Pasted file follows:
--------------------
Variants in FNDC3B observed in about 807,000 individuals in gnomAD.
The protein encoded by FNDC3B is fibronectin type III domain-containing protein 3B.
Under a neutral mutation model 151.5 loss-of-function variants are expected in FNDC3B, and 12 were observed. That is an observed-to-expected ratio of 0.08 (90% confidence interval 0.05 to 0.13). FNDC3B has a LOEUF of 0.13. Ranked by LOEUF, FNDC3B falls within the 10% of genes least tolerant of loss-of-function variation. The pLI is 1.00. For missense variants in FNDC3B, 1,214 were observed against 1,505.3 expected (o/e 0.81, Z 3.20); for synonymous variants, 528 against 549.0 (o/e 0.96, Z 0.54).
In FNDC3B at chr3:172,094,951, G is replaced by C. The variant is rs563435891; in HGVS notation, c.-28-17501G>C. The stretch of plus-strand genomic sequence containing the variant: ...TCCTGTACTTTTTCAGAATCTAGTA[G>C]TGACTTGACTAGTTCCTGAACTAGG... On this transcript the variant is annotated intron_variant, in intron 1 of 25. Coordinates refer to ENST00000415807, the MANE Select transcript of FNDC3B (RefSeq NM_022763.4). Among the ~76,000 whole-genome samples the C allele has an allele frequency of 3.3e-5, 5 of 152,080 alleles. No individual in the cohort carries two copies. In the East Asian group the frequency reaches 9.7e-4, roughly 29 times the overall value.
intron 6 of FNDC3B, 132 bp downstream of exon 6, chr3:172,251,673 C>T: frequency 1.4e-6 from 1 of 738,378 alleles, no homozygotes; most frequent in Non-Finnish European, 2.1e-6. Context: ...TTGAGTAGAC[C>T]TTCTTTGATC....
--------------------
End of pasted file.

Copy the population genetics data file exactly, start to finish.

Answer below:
Variants in FNDC3B observed in about 807,000 individuals in gnomAD.
The protein encoded by FNDC3B is fibronectin type III domain-containing protein 3B.
Under a neutral mutation model 151.5 loss-of-function variants are expected in FNDC3B, and 12 were observed. That is an observed-to-expected ratio of 0.08 (90% confidence interval 0.05 to 0.13). FNDC3B has a LOEUF of 0.13. Ranked by LOEUF, FNDC3B falls within the 10% of genes least tolerant of loss-of-function variation. The pLI is 1.00. For missense variants in FNDC3B, 1,214 were observed against 1,505.3 expected (o/e 0.81, Z 3.20); for synonymous variants, 528 against 549.0 (o/e 0.96, Z 0.54).
In FNDC3B at chr3:172,094,951, G is replaced by C. The variant is rs563435891; in HGVS notation, c.-28-17501G>C. The stretch of plus-strand genomic sequence containing the variant: ...TCCTGTACTTTTTCAGAATCTAGTA[G>C]TGACTTGACTAGTTCCTGAACTAGG... On this transcript the variant is annotated intron_variant, in intron 1 of 25. Coordinates refer to ENST00000415807, the MANE Select transcript of FNDC3B (RefSeq NM_022763.4). Among the ~76,000 whole-genome samples the C allele has an allele frequency of 3.3e-5, 5 of 152,080 alleles. No individual in the cohort carries two copies. In the East Asian group the frequency reaches 9.7e-4, roughly 29 times the overall value.
intron 6 of FNDC3B, 132 bp downstream of exon 6, chr3:172,251,673 C>T: frequency 1.4e-6 from 1 of 738,378 alleles, no homozygotes; most frequent in Non-Finnish European, 2.1e-6. Context: ...TTGAGTAGAC[C>T]TTCTTTGATC....